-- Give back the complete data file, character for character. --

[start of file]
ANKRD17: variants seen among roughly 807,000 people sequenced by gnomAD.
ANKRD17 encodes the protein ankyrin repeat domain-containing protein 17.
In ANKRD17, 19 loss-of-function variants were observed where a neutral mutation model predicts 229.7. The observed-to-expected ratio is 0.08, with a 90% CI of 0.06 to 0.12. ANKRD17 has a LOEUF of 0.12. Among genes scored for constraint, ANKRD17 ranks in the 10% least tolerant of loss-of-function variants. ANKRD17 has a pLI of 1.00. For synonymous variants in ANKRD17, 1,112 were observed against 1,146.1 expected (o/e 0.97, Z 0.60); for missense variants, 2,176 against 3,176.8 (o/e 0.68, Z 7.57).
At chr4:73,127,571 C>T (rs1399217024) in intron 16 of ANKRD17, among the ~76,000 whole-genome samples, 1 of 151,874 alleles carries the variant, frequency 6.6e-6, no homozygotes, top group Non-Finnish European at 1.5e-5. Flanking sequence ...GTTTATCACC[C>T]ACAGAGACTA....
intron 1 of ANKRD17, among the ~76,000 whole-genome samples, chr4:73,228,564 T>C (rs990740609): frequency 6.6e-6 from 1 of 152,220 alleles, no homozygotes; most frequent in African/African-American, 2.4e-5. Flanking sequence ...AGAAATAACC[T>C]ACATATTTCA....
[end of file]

ANKRD17: variants seen among roughly 807,000 people sequenced by gnomAD.
ANKRD17 encodes the protein ankyrin repeat domain-containing protein 17.
In ANKRD17, 19 loss-of-function variants were observed where a neutral mutation model predicts 229.7. The observed-to-expected ratio is 0.08, with a 90% CI of 0.06 to 0.12. ANKRD17 has a LOEUF of 0.12. Among genes scored for constraint, ANKRD17 ranks in the 10% least tolerant of loss-of-function variants. ANKRD17 has a pLI of 1.00. For synonymous variants in ANKRD17, 1,112 were observed against 1,146.1 expected (o/e 0.97, Z 0.60); for missense variants, 2,176 against 3,176.8 (o/e 0.68, Z 7.57).
At chr4:73,127,571 C>T (rs1399217024) in intron 16 of ANKRD17, among the ~76,000 whole-genome samples, 1 of 151,874 alleles carries the variant, frequency 6.6e-6, no homozygotes, top group Non-Finnish European at 1.5e-5. Flanking sequence ...GTTTATCACC[C>T]ACAGAGACTA....
intron 1 of ANKRD17, among the ~76,000 whole-genome samples, chr4:73,228,564 T>C (rs990740609): frequency 6.6e-6 from 1 of 152,220 alleles, no homozygotes; most frequent in African/African-American, 2.4e-5. Flanking sequence ...AGAAATAACC[T>C]ACATATTTCA....